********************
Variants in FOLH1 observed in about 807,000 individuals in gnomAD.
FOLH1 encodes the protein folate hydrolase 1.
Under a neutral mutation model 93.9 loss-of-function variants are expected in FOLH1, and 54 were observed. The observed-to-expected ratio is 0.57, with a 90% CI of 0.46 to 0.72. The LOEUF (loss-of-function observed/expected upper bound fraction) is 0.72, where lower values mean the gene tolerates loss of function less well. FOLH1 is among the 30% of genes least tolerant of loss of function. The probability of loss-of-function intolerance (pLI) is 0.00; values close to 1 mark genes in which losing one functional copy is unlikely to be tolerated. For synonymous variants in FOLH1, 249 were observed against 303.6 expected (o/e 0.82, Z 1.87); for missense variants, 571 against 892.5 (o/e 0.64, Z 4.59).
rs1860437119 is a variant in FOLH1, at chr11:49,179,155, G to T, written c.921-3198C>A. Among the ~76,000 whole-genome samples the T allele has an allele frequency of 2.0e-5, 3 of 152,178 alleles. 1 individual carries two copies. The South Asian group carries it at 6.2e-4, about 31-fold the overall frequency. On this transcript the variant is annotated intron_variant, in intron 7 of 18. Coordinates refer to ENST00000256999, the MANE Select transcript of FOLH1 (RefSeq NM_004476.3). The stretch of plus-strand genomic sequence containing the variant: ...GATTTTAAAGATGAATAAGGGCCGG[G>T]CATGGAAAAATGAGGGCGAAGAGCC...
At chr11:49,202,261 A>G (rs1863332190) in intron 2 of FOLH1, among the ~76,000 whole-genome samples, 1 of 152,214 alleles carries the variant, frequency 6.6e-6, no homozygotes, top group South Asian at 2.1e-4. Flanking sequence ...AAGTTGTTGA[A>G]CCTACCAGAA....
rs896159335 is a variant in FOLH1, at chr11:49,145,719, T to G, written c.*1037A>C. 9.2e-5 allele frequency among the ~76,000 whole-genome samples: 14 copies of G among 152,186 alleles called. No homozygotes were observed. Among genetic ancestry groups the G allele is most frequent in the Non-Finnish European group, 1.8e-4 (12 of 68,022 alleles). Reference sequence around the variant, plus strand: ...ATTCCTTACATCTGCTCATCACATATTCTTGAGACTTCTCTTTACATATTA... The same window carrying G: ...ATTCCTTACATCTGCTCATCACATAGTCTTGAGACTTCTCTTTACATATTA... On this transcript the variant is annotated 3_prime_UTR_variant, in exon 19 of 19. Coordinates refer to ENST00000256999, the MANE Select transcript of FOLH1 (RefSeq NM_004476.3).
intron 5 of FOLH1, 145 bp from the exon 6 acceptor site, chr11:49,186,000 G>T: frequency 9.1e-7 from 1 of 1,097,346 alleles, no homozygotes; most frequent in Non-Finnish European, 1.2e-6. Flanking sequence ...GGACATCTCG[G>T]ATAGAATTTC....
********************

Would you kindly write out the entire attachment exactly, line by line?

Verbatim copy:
Variants in FOLH1 observed in about 807,000 individuals in gnomAD.
FOLH1 encodes the protein folate hydrolase 1.
Under a neutral mutation model 93.9 loss-of-function variants are expected in FOLH1, and 54 were observed. The observed-to-expected ratio is 0.57, with a 90% CI of 0.46 to 0.72. The LOEUF (loss-of-function observed/expected upper bound fraction) is 0.72, where lower values mean the gene tolerates loss of function less well. FOLH1 is among the 30% of genes least tolerant of loss of function. The probability of loss-of-function intolerance (pLI) is 0.00; values close to 1 mark genes in which losing one functional copy is unlikely to be tolerated. For synonymous variants in FOLH1, 249 were observed against 303.6 expected (o/e 0.82, Z 1.87); for missense variants, 571 against 892.5 (o/e 0.64, Z 4.59).
rs1860437119 is a variant in FOLH1, at chr11:49,179,155, G to T, written c.921-3198C>A. Among the ~76,000 whole-genome samples the T allele has an allele frequency of 2.0e-5, 3 of 152,178 alleles. 1 individual carries two copies. The South Asian group carries it at 6.2e-4, about 31-fold the overall frequency. On this transcript the variant is annotated intron_variant, in intron 7 of 18. Coordinates refer to ENST00000256999, the MANE Select transcript of FOLH1 (RefSeq NM_004476.3). The stretch of plus-strand genomic sequence containing the variant: ...GATTTTAAAGATGAATAAGGGCCGG[G>T]CATGGAAAAATGAGGGCGAAGAGCC...
At chr11:49,202,261 A>G (rs1863332190) in intron 2 of FOLH1, among the ~76,000 whole-genome samples, 1 of 152,214 alleles carries the variant, frequency 6.6e-6, no homozygotes, top group South Asian at 2.1e-4. Flanking sequence ...AAGTTGTTGA[A>G]CCTACCAGAA....
rs896159335 is a variant in FOLH1, at chr11:49,145,719, T to G, written c.*1037A>C. 9.2e-5 allele frequency among the ~76,000 whole-genome samples: 14 copies of G among 152,186 alleles called. No homozygotes were observed. Among genetic ancestry groups the G allele is most frequent in the Non-Finnish European group, 1.8e-4 (12 of 68,022 alleles). Reference sequence around the variant, plus strand: ...ATTCCTTACATCTGCTCATCACATATTCTTGAGACTTCTCTTTACATATTA... The same window carrying G: ...ATTCCTTACATCTGCTCATCACATAGTCTTGAGACTTCTCTTTACATATTA... On this transcript the variant is annotated 3_prime_UTR_variant, in exon 19 of 19. Coordinates refer to ENST00000256999, the MANE Select transcript of FOLH1 (RefSeq NM_004476.3).
intron 5 of FOLH1, 145 bp from the exon 6 acceptor site, chr11:49,186,000 G>T: frequency 9.1e-7 from 1 of 1,097,346 alleles, no homozygotes; most frequent in Non-Finnish European, 1.2e-6. Flanking sequence ...GGACATCTCG[G>T]ATAGAATTTC....